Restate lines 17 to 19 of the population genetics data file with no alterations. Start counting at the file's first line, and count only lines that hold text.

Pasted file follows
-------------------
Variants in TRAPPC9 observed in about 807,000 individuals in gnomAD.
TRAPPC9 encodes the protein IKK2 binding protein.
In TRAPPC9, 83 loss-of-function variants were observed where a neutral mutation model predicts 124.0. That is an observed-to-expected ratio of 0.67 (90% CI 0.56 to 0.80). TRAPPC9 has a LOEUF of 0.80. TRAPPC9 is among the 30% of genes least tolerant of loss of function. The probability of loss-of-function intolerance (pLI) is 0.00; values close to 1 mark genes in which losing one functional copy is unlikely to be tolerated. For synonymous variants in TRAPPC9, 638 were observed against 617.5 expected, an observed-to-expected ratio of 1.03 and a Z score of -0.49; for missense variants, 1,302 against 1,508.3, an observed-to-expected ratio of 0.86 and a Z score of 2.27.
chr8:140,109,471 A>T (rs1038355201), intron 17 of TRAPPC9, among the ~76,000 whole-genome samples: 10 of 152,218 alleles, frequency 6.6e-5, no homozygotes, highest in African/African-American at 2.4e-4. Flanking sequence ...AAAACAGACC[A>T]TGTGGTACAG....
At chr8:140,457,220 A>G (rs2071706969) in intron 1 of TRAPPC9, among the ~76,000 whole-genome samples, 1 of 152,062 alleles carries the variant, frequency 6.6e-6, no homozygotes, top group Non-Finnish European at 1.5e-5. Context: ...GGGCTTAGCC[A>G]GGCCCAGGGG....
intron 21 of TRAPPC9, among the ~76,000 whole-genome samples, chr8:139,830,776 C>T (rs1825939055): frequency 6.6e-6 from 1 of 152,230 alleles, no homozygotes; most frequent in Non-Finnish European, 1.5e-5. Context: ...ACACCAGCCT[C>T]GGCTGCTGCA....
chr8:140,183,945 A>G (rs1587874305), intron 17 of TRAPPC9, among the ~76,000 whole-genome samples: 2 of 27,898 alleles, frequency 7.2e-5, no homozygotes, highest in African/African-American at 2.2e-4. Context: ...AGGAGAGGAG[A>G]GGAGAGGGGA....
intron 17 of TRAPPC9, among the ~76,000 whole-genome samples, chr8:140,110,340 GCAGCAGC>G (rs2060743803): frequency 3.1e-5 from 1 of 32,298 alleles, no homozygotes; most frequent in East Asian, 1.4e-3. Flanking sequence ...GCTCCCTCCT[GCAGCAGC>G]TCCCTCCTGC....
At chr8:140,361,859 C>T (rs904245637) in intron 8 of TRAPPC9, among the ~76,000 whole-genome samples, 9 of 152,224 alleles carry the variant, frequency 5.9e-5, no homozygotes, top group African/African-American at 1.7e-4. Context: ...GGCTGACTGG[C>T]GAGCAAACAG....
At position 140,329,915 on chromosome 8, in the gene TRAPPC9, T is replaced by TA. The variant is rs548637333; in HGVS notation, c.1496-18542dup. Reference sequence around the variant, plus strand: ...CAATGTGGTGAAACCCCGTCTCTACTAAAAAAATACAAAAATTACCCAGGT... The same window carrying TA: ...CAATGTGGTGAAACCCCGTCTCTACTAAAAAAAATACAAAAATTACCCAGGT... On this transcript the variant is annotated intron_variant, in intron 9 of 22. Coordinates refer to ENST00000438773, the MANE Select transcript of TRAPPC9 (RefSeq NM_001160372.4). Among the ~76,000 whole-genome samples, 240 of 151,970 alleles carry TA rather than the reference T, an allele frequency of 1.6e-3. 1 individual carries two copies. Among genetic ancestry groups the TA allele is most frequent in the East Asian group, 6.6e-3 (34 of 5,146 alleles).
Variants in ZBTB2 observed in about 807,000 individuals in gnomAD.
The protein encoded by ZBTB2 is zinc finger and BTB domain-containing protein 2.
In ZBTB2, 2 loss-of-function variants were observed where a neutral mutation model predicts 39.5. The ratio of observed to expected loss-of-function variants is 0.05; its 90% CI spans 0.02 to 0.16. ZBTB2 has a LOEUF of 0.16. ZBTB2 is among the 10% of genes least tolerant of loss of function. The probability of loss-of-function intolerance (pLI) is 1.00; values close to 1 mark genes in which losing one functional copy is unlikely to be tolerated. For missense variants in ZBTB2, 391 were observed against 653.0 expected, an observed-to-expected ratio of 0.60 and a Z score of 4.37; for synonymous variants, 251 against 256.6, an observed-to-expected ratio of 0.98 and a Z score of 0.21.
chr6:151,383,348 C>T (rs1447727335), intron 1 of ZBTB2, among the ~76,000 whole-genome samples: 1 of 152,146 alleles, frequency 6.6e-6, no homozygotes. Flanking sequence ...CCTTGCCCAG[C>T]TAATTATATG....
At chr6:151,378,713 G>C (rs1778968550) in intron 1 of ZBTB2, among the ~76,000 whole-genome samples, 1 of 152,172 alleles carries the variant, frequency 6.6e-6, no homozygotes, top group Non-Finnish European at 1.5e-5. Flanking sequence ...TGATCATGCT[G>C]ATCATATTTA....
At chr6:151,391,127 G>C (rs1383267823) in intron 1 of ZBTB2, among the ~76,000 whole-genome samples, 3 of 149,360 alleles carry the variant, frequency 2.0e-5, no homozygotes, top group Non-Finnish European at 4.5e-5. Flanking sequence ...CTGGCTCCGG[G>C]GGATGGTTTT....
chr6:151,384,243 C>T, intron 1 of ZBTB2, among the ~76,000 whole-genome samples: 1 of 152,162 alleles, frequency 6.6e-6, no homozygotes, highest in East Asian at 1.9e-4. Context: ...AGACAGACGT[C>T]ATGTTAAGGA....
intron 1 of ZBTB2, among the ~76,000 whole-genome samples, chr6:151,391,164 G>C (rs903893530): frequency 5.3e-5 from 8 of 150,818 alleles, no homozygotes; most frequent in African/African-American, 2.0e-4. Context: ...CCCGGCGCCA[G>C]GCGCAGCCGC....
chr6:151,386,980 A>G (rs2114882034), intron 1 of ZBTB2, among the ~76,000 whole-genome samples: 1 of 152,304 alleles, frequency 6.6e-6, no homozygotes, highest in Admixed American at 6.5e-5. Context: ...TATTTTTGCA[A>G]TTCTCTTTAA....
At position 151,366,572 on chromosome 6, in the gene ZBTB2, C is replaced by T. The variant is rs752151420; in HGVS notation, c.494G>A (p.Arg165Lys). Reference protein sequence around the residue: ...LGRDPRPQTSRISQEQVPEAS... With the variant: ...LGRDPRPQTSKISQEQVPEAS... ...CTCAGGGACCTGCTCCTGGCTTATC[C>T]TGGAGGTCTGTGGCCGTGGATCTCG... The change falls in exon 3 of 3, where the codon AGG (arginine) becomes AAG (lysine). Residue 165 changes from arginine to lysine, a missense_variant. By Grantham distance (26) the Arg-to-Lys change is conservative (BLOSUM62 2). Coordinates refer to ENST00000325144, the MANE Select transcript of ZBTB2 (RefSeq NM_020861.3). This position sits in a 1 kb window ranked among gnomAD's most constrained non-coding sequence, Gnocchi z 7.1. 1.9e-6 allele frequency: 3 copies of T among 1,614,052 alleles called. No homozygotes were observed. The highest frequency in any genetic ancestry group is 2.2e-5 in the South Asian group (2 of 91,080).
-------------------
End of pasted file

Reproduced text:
chr6:151,384,243 C>T, intron 1 of ZBTB2, among the ~76,000 whole-genome samples: 1 of 152,162 alleles, frequency 6.6e-6, no homozygotes, highest in East Asian at 1.9e-4. Context: ...AGACAGACGT[C>T]ATGTTAAGGA....
intron 1 of ZBTB2, among the ~76,000 whole-genome samples, chr6:151,391,164 G>C (rs903893530): frequency 5.3e-5 from 8 of 150,818 alleles, no homozygotes; most frequent in African/African-American, 2.0e-4. Context: ...CCCGGCGCCA[G>C]GCGCAGCCGC....
chr6:151,386,980 A>G (rs2114882034), intron 1 of ZBTB2, among the ~76,000 whole-genome samples: 1 of 152,304 alleles, frequency 6.6e-6, no homozygotes, highest in Admixed American at 6.5e-5. Context: ...TATTTTTGCA[A>G]TTCTCTTTAA....